I was talking some friends a while back about when they went to their first funeral (that’s what you get when you hang out with a gal who writes a grief blog). It was prompted by a conversation in which a friend mentioned that he was not “invited” to attend his grandmother’s funeral when he was a teenager. It was shocking for me to find out that many friends didn’t attend a funeral until high school, college and even into adulthood. Many who had not attended funerals in childhood had strong memories of the losses they experienced, and some carried resentments that their families had restricted them from attending the service. Others were in or approaching their thirties and felt extremely uncomfortable (bordering on terrified) to attend a funeral. Yet still many felt apprehensions about their own children attending funerals and had questions about whether this is appropriate.
Their memories stand in stark contrast to my own memory of funerals. The first funeral I remember attending was when I was seven years old. My mom had a close friend who died of breast cancer. Her son, Tom, was one of my best friends. They lived on our street and felt more like family than friends. All these years later I remember her death and the funeral so well. I remember feeling like I needed to be there, that I wanted to be a part of what everyone else was doing to say goodbye. I remember feeling like I had to be there because Tom would be sad. Who knew that even my six-year-old self was inclined to help and support people who are grieving?! I still remember the funeral home, seeing her in the casket, and being at the church. I remember my dad helping me understand what I was seeing, talking about death and why she didn’t look like herself. It was a feeling of comfort being there with so many people who loved her. After that I remember many funerals that followed. My family is half Greek and if you meet someone once, you are welcome at their funeral! Attending funerals at a younger age was simply more culturally accepted, I suppose, and funerals were something I became comfortable with (as comfortable as one can be with a funeral!).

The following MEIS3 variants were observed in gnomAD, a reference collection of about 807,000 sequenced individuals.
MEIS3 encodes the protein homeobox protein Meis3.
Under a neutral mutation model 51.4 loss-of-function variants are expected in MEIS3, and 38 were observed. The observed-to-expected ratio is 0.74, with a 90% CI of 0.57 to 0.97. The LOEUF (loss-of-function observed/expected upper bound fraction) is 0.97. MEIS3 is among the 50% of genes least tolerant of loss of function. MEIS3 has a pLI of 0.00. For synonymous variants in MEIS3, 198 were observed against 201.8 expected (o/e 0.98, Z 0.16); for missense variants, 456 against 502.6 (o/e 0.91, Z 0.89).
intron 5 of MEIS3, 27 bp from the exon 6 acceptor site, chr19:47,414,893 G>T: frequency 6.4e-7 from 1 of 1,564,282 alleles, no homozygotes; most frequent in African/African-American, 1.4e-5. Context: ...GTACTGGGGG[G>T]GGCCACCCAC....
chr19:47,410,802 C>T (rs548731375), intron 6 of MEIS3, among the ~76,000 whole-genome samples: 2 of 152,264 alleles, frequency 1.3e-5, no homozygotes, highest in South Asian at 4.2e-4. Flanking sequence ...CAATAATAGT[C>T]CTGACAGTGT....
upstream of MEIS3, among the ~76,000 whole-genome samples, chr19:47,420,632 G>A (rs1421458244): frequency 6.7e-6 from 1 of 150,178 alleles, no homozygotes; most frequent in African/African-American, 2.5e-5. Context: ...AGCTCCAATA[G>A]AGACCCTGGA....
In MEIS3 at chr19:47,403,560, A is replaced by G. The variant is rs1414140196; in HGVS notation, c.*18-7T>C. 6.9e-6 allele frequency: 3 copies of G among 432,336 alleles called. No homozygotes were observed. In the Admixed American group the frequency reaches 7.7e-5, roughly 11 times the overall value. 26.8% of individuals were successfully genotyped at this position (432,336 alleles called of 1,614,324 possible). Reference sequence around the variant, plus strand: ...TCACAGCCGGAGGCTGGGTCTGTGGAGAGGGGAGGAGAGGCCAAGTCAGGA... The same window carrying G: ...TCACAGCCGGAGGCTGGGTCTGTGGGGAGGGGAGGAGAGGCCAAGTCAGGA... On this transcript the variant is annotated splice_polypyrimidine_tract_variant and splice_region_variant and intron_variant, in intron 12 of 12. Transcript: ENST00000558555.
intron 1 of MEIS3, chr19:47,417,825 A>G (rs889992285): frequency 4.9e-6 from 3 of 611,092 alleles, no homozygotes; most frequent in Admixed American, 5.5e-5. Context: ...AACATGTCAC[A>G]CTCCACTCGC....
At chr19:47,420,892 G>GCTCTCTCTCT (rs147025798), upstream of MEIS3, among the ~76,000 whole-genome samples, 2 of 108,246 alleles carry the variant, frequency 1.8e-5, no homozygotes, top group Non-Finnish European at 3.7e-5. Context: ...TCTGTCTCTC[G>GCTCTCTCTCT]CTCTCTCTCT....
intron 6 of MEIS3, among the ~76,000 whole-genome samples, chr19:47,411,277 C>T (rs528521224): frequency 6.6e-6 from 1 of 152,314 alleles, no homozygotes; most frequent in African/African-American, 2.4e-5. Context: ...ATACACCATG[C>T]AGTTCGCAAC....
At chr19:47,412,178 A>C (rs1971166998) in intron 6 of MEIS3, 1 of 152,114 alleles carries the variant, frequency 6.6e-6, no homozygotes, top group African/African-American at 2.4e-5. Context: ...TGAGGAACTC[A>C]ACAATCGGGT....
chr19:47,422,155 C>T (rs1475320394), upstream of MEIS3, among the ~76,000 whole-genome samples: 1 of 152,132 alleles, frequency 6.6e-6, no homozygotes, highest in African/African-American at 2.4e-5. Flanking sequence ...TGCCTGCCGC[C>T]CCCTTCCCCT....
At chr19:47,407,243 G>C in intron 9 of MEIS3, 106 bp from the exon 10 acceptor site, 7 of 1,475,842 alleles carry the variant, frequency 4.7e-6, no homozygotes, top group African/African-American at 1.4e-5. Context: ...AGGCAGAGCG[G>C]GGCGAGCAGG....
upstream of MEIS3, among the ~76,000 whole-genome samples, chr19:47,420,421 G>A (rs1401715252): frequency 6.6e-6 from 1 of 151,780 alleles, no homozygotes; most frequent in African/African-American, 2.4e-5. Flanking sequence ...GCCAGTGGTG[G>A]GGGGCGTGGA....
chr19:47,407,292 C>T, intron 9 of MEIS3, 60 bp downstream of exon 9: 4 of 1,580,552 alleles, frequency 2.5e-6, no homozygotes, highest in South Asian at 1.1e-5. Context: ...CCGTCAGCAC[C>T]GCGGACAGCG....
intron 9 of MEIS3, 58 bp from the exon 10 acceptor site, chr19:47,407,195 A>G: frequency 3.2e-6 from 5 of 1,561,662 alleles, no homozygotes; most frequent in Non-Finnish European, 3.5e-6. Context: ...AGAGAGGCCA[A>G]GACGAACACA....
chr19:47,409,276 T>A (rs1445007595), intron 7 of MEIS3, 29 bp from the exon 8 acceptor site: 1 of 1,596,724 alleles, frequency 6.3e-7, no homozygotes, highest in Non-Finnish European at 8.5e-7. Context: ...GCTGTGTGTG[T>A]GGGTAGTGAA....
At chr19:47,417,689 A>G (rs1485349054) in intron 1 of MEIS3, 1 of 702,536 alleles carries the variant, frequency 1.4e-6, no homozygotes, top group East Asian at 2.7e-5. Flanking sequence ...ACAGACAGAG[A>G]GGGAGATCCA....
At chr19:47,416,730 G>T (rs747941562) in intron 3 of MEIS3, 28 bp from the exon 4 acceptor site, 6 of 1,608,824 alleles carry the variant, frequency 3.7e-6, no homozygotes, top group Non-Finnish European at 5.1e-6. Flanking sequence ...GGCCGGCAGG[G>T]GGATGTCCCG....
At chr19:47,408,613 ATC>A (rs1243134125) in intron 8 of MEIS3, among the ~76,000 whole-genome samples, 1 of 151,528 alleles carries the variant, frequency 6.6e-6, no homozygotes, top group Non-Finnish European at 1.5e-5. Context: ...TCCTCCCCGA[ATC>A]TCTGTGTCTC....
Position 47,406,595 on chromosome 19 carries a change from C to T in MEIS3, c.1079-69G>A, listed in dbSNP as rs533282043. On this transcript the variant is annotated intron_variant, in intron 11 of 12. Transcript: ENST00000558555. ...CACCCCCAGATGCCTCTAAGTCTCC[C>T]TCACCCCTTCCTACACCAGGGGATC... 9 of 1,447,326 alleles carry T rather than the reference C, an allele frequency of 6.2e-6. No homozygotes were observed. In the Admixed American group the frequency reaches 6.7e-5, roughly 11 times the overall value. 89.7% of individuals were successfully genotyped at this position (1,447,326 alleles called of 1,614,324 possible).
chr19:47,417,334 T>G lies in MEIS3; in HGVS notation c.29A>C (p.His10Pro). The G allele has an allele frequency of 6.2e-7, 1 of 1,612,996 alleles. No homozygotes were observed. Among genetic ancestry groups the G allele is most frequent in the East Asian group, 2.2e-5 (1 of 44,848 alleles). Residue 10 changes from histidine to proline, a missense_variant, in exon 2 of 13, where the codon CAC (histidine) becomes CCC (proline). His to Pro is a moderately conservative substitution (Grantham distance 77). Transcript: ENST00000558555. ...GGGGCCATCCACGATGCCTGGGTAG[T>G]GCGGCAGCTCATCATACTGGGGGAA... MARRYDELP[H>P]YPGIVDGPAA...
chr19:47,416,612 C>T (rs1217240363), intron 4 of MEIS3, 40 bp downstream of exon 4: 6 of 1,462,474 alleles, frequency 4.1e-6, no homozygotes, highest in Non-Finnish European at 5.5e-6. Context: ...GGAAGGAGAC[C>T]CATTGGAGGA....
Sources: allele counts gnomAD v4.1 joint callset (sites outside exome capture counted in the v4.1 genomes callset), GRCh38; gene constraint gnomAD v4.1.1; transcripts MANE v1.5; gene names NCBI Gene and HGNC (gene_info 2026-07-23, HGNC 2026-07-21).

All this got me thinking a lot about how we are raised around funerals, and the impact it has on us in the long term. Working with families at the hospital at the time of their loved ones death, one of the most common questions I am asked, “should children attend funerals?”. Parents and family members are often full of hesitations. What if the child is too young to understand? What if the funeral is traumatic or distressing for the child? What if it is upsetting for the child to see adults cry? What if other people at the service will think it is inappropriate that a child is there?
When it comes to funerals and children, the first question always seems to be if a child “old enough” to attend. How young is too young to go to a funeral? I can’t answer this question for you, because in reality it is the wrong question to ask. Age has nothing to do with her a child should attend a funeral. Really, it doesn’t. There is no such thing as “too young” as long as the appropriate steps are taken and you are thoughtful about your child is and what will work for them. Attending funerals, even for children of a young age, can be helpful and positive as long as handled appropriately. I have no doubt the reason my early memories of funerals are positive is because my parents followed so many of the recommended guidance for preparing kids for funerals (whether they knew it or not). So the better question is, what are the steps you should go through when considering your child attending a funeral?
- Leave it up to the child. It is important children are given the option to attend or not, and it is important their decision is respected. If told they cannot attend without giving them a choice, children may feel abandoned or resentful. If a child doesn’t want to go and is forced this can be distressing and traumatic. Encourage your child to attend, let them know they are welcome and will be supported, but don’t push them.